Let’s be still, scream if it helps, join the rain
pounding these streets. It’s all wrong:
we can’t sleep, can’t wake, making
love is a seizure and the sheets bind us.
But here now is darkness, here now
night falls and makes us quiet.
After a time, we lose track, the head nods,
we acquiesce. We knew what was
coming: now, then now, then too late.
When I was young, I waited for
you in an abandoned building
in the French Quarter. I remember
it was crumbled in plaster and stitched
with sinuous vines. That night the trees
were suspended from the moon; they
hung like seedbursts that had dropped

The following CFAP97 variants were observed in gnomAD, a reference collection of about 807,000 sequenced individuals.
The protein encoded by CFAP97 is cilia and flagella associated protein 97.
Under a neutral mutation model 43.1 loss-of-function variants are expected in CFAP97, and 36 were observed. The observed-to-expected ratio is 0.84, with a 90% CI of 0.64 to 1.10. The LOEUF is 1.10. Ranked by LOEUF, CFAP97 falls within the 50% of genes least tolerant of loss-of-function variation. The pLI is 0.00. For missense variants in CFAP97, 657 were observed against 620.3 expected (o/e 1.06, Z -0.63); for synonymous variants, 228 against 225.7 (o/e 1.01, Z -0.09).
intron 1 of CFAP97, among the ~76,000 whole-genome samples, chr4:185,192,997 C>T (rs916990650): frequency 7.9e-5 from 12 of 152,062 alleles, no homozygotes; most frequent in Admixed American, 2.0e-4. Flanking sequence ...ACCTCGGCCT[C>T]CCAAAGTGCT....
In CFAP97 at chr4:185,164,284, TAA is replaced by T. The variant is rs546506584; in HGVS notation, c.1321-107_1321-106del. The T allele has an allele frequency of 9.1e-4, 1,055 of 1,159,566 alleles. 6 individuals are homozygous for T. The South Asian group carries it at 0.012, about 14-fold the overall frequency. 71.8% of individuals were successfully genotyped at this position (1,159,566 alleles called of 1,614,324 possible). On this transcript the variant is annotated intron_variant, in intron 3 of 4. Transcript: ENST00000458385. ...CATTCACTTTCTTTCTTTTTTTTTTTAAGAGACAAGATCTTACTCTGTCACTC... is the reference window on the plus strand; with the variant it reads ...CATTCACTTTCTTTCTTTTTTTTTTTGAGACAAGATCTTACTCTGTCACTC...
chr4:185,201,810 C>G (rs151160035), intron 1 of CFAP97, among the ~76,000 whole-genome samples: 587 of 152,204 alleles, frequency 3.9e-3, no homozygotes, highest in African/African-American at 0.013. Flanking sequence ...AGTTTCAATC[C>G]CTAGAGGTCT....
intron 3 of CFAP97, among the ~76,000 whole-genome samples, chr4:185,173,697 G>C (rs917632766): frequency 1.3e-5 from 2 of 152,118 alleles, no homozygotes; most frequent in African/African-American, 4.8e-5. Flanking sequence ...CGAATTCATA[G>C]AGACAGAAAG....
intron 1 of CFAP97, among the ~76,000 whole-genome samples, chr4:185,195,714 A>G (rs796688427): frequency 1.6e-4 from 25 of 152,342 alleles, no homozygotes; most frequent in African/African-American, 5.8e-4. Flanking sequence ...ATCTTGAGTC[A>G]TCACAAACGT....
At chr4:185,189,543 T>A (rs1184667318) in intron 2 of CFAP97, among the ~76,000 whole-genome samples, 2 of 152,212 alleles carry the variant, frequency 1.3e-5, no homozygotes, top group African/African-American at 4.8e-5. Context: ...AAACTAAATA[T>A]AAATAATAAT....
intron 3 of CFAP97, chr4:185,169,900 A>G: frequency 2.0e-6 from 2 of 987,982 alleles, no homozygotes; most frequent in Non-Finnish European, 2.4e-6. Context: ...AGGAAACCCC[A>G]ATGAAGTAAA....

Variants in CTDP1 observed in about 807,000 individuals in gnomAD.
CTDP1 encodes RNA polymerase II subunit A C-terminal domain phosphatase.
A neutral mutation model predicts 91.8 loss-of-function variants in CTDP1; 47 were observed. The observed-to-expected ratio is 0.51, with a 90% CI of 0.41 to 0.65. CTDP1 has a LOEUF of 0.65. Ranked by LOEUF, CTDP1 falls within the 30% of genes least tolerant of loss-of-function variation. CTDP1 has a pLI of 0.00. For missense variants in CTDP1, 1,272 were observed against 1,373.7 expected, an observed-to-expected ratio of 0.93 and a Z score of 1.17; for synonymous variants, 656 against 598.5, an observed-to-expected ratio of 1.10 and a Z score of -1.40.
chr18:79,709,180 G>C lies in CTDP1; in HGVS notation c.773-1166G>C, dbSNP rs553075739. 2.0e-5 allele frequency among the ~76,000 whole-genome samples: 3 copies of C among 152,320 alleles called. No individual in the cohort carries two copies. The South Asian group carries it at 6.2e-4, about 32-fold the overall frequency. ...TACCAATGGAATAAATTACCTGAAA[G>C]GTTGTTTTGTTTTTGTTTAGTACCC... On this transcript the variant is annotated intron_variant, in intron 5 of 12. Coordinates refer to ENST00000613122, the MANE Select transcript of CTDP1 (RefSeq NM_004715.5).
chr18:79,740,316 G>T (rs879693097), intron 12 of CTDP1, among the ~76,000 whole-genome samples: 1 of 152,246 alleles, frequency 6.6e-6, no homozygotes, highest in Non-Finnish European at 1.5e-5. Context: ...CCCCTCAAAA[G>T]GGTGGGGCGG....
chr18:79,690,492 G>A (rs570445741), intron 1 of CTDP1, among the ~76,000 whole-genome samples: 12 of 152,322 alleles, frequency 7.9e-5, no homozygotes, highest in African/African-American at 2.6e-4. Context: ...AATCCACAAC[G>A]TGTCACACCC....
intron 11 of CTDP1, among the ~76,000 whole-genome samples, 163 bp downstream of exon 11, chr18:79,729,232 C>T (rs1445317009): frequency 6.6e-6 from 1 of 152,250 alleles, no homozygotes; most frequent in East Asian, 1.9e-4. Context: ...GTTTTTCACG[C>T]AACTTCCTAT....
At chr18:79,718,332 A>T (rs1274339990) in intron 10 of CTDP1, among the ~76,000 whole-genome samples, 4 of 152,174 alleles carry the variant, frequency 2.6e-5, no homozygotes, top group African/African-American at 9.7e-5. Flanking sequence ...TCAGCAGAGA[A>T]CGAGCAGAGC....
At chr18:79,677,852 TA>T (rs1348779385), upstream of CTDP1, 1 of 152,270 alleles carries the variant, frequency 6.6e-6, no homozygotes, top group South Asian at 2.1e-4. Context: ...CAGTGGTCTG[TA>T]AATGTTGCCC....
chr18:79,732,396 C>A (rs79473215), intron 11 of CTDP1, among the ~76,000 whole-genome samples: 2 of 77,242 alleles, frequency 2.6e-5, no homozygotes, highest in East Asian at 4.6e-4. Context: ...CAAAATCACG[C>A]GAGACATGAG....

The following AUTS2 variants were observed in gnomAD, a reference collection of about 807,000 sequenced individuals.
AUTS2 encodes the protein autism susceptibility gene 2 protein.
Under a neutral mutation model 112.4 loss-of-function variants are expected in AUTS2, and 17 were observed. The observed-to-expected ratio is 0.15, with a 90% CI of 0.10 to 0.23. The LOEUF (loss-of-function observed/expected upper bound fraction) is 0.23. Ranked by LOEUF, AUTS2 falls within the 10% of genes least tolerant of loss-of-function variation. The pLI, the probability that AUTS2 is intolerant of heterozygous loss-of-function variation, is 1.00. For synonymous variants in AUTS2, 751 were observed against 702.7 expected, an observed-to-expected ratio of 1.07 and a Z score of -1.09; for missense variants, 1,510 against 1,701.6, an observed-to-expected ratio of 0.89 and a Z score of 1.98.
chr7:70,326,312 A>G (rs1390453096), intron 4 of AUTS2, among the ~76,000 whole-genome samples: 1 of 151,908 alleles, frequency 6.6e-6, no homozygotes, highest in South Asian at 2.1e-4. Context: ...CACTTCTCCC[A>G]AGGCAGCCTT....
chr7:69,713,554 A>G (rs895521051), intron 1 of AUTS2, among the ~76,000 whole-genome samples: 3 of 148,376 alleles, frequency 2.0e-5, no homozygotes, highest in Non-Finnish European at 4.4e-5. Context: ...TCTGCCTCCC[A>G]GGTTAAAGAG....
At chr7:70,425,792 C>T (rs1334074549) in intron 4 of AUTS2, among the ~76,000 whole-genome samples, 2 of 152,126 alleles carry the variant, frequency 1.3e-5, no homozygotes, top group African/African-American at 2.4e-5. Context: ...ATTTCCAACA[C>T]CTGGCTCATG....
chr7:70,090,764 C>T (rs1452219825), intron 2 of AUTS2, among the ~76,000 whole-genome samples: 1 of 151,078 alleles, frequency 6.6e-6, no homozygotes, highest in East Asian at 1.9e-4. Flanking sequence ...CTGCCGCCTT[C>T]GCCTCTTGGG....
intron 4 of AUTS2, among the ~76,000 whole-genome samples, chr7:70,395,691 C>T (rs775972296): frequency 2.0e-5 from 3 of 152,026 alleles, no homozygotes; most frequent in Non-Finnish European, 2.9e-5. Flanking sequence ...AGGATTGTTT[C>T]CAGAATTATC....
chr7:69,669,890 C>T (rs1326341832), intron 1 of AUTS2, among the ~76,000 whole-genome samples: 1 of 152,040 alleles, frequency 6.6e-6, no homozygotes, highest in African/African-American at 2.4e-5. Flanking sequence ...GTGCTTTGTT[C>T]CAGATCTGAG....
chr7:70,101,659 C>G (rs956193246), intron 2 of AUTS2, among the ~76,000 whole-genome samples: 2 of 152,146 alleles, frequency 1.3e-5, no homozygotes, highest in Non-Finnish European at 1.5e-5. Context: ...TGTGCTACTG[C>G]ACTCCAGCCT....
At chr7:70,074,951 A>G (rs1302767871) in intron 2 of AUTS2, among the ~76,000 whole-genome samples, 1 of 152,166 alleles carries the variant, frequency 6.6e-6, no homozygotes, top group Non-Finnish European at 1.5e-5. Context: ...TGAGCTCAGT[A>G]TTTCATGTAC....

from the sky. I waited late for you
and heard homeless boys sing
their made up street songs, and saw
an old man, unstrung, dancing
streetlight to streetlight, at night,
under a black umbrella. You never came,
but I was grateful you let me think
you would be there, inside the stuccoed walls,
on the humid cement, and how it made me want
to be where I was. I waited for you and time
dissipated like blood in the ocean.
Mike Forecki is a graduate of University of Wisconsin-Milwaukee (B.A. in English, M.A. in Philosophy) and the University of Wisconsin (Juris Doctor). A practicing attorney for nearly 40 years, he began writing poetry in his semi-retirement and has had several poems published in Volume One magazine.